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IVORY-BILLS  LiVE???!  ...

=> THE blog devoted to news and commentary on the most iconic bird in American ornithology, the Ivory-billed Woodpecker (IBWO)... and... sometimes other schtuff.

Web ivorybills.blogspot.com

"....The truth is out there."

-- Dr. Jerome Jackson, 2002 (... & Agent Fox Mulder)

“There are more things in heaven and earth, Horatio, than are dreamt of in your philosophy.”

-- Hamlet

"All truth passes through 3 stages: First it is ridiculed. Second, it is violently opposed. Third, it is accepted as self-evident."

-- Arthur Schopenhauer

Monday, August 08, 2005


- Science: Good, Bad, and Ivory-bill - an essay (...rant)

In the midst of a paper critical of the Arkansas Ivory-bill claims first being much ballyhooed and then suddenly withdrawn just prior to actual publication, there has been much discussion across the internet about good and poor science. The question I have is...: WHERE THE HECK was all THIS discussion for the last 50 years when academics and writers were blindly regurgitating limited info/data to prematurely proclaim the species extinct!? When James Tanner's very tentative conclusions and small sample-size-based generalizations were hardened into standard truths in the IBWO literature where then were the keenly-honed scientific minds who should've been questioning, not following lockstep, those conclusions???
Quite simply, there has never been a solid basis for assuming this species extinct (an extremely serious step), yet few academic ornithologists have been willing to say it out loud, cowed into silence by a naysaying, shortsighted majority. Field biology, by its nature, is a weak, imprecise science, but the rush to judgment on the Ivory-bill, and treatment of the likes of optimists John Dennis and George Lowery over the years (not to mention lesser figures), has been especially egregious and consequential.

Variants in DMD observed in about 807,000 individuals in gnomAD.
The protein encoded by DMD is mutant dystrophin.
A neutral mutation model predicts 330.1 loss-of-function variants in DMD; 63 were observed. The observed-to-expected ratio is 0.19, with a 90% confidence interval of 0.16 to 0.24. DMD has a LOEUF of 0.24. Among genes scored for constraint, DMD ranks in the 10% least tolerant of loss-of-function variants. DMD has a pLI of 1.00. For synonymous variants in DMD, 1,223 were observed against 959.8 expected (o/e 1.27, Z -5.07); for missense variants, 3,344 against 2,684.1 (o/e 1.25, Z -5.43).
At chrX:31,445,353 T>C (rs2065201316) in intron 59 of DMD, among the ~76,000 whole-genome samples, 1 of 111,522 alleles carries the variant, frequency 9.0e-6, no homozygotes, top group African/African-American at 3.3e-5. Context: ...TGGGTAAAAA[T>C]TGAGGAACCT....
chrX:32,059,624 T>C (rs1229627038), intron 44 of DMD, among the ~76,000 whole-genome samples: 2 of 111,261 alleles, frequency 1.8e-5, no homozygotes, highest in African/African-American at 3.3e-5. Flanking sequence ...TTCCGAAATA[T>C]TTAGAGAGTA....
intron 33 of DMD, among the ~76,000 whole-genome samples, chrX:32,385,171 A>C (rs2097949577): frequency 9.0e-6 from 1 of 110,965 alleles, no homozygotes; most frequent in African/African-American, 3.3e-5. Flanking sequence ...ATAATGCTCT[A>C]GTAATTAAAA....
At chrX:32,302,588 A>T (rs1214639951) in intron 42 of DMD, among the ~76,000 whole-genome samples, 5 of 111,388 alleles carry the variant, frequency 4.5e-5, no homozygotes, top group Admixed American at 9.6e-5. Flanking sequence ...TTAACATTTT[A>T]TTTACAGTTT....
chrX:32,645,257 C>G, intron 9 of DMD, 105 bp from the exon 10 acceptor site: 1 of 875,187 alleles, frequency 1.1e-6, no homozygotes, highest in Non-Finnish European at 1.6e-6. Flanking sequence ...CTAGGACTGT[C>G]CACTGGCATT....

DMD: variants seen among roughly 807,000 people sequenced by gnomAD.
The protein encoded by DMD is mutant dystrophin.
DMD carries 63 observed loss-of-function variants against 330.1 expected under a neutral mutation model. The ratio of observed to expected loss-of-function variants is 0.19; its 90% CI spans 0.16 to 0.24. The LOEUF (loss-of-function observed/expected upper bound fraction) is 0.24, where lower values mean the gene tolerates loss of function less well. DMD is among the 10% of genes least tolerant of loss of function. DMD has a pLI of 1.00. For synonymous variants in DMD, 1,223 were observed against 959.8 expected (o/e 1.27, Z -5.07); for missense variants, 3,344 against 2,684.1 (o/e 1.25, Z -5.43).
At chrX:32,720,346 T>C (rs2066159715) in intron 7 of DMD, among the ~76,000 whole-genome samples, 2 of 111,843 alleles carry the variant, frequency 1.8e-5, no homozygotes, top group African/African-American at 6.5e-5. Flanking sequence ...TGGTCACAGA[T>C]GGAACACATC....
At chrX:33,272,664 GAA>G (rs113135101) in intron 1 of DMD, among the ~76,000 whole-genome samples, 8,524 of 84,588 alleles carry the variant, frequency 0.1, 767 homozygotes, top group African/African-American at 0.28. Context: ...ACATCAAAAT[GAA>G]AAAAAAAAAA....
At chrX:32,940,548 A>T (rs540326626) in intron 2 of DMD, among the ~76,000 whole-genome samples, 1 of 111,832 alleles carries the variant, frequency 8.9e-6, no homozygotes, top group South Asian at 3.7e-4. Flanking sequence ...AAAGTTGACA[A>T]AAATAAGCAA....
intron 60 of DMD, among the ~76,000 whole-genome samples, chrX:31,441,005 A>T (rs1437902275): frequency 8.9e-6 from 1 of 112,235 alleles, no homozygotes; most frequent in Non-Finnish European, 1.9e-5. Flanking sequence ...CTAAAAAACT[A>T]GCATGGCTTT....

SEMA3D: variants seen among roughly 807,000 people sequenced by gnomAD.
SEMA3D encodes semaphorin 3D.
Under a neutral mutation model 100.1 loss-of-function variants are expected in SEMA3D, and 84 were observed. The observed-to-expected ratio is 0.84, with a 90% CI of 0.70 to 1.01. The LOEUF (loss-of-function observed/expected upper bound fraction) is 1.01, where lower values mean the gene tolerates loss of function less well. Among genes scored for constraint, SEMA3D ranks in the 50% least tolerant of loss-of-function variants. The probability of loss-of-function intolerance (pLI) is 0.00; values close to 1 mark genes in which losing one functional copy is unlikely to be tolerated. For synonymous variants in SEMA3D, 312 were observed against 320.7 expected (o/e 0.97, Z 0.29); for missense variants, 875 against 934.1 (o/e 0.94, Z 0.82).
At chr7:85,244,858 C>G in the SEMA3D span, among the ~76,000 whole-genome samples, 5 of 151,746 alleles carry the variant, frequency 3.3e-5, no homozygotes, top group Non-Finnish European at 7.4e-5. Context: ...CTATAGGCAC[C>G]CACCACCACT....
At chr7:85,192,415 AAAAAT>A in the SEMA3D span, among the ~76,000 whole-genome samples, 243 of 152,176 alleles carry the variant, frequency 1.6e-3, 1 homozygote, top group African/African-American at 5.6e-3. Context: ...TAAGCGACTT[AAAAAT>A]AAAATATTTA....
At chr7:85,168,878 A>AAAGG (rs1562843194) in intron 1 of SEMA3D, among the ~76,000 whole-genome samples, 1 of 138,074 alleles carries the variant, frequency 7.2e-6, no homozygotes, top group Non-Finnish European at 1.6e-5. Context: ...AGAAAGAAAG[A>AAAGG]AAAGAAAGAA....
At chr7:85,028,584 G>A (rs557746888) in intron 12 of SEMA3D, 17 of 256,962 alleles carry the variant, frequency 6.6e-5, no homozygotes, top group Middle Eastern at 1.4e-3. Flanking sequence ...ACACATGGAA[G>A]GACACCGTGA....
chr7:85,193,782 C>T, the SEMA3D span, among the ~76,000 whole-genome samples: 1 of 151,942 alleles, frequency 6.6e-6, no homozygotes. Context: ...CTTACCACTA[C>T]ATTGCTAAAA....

Should whatever remaining IBWOs be found and well-studied, only to then die out forever, the blame for extinction will suddenly fall not just with the loggers and hunters/collectors of yesteryear, but with some of the most prominent names in modern ornithology, who 'fiddled while Rome burned' through prior decades, routinely scoffing when they could've/should've been pursuing thorough, open-minded scientific inquiry to find and save this species.
Oyyy veyyy!!!

I wouldn't blame the loggers. I would blame the "suits" that sent the loggers. Oh well, I would imagine those virgin sweet gums at the Singer tract made for some mighty fine tea boxes back in merry old England.

Now that the bird is "back", it is amusing that the same type of crowd that declared it extinct is very much involved in deciding what needs to be done.
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